Afterward, the company showed a few video clips of the robot doing other tasks like picking up boxes. Then Tesla’s team brought out another prototype that has its body fully assembled but not fully functional. […] Future applications could include cooking, gardening, or even “catgirl” sex partners, Musk has said, while also claiming that production could start as soon as next year. Musk says the robot is “the most important product development we’re doing this year,” predicting that it will have the potential to be “more significant than the vehicle business over time.”
Musk first announced the “Tesla Bot” at last year’s AI Day.
ONLYOFFICE Docs is an open-source office suite distributed under GNU AGPL v3.0. It comprises collaborative editors for text documents, spreadsheets, and presentations, form creator and PDF viewer. OOXML is used as a core format.
In a past life, Frances Townsend defended the legal basis for the torture method called waterboarding during George W. Bush’s war on terror. In a more recent one, she helped lead Activision Blizzard’s initially tone-deaf response to a major sexual harassment lawsuit by the state of California. Now she’s stepping down…
After years of lobbying the state to increase regulations on autonomous vehicles, San Francisco officials are taking their case to the feds. San Francisco Examiner reports: The directors of The City’s two main transportation agencies outlined their concerns about Cruise’s driverless cars in a letter to the National Highway Traffic Safety Administration regarding Cruise’s application to deploy a custom-built autonomous vehicle. In it, San Francisco Metropolitan Transportation Authority Director Jeffrey Tumlin and San Francisco County Transportation Authority Director Tilly Chang provide a comprehensive overview of disruptive and unsafe incidents that they say Cruise cars precipitated. The letter, sent on Sept. 21, comes as Cruise’s driverless cars continue to stop in the middle of San Francisco’s streets for extended periods of time, often in groups, blocking traffic until they can be remotely restarted or manually retrieved by Cruise staff. Over the past week, there were at least four such incidents, including one that delayed a couple of KRON4 reporters.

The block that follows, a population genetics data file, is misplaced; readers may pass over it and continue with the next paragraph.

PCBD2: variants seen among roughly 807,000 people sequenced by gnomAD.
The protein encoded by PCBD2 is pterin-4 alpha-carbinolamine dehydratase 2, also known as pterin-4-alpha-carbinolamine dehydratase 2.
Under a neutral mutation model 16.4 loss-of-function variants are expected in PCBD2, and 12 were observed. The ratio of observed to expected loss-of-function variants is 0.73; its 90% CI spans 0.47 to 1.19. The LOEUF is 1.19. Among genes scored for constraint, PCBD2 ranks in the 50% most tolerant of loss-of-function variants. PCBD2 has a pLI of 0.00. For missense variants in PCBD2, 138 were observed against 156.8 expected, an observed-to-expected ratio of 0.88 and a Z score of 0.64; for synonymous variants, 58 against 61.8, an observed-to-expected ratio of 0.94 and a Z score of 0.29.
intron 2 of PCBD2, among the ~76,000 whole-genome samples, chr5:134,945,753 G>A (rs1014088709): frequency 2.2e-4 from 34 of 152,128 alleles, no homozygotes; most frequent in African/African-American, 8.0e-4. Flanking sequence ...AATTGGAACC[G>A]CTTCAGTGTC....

The City’s letter to NHTSA provides specific data on these incidents. Between May 29 and Sept. 5 of this year, 28 incidents of stopped Cruise cars blocking traffic were reported to 911. The City identified an additional 20 such incidents reported on social media over that time period, which does not include the events of the past week. The City estimates that these figures represent “a fraction of actual travel lane road failures,” since most of these events take place late at night, when Cruise offers its driverless ride-hailing service, and when few other people are on the streets. In light of these concerns, The City requests several new regulations on autonomous vehicles from NHTSA.
San Francisco’s letter is in response to a petition by General Motors, Cruise’s parent company, to manufacture and commercially deploy a custom-built autonomous vehicle called the Cruise Origin. It would be roughly the size of an SUV, but with no obvious front and back and no driver’s seat or steering wheel. In their letter on behalf of the entire city government, Tumlin and Chang stress that they “neither support nor oppose the Petition, but document safety hazards and street capacity issues raised by the operation of the Cruise AV on San Francisco streets.” They go on to call for several specific regulations they would like to see imposed on Cruise and Ford’s Argo AI, another company seeking to build and deploy a fully autonomous vehicle. Those recommendations include stringent data reporting requirements and incident reports, limiting the geographic area and the number of vehicles that can be deployed in San Francisco, and enabling first responders to manually turn off the vehicles. “Safety is the guiding principle of everything we do,” Cruise said in a statement regarding these incidents. “That means if our cars encounter a situation where they aren’t able to safely proceed they turn on their hazard lights and we either get them operating again or pick them up as quickly as possible. This could be because of a mechanical issue like a flat tire, a road condition, or a technical problem. We’re working to minimize how often this happens, and apologize to any other impacted drivers.”
It seems like just yesterday that Elon Musk ushered a gig worker in a spandex suit onto the Tesla AI Day 2021 stage and told us it was an robot — or at least probably would be one eventually. In the intervening 13 months, the company has apparently been hard at work, replacing the squishy bits from what crowd saw on stage with proper electronics and mechanizations. At this year’s AI Day on Friday, Tesla unveiled the next iteration of its Optimus robotics platform and, well, at least there isn’t still a person on the inside?
Additionally, the Tesla Bot would understand complex verbal commands, Musk assured the assembled crowd, it would have “human-level hands,” be able to both move at 5 MPH and carry up to 45 pounds despite standing under 6-feet tall and weighing 125 pounds. And, most incredibly, Tesla would have a working prototype for all of that by 2022, which brings us to today.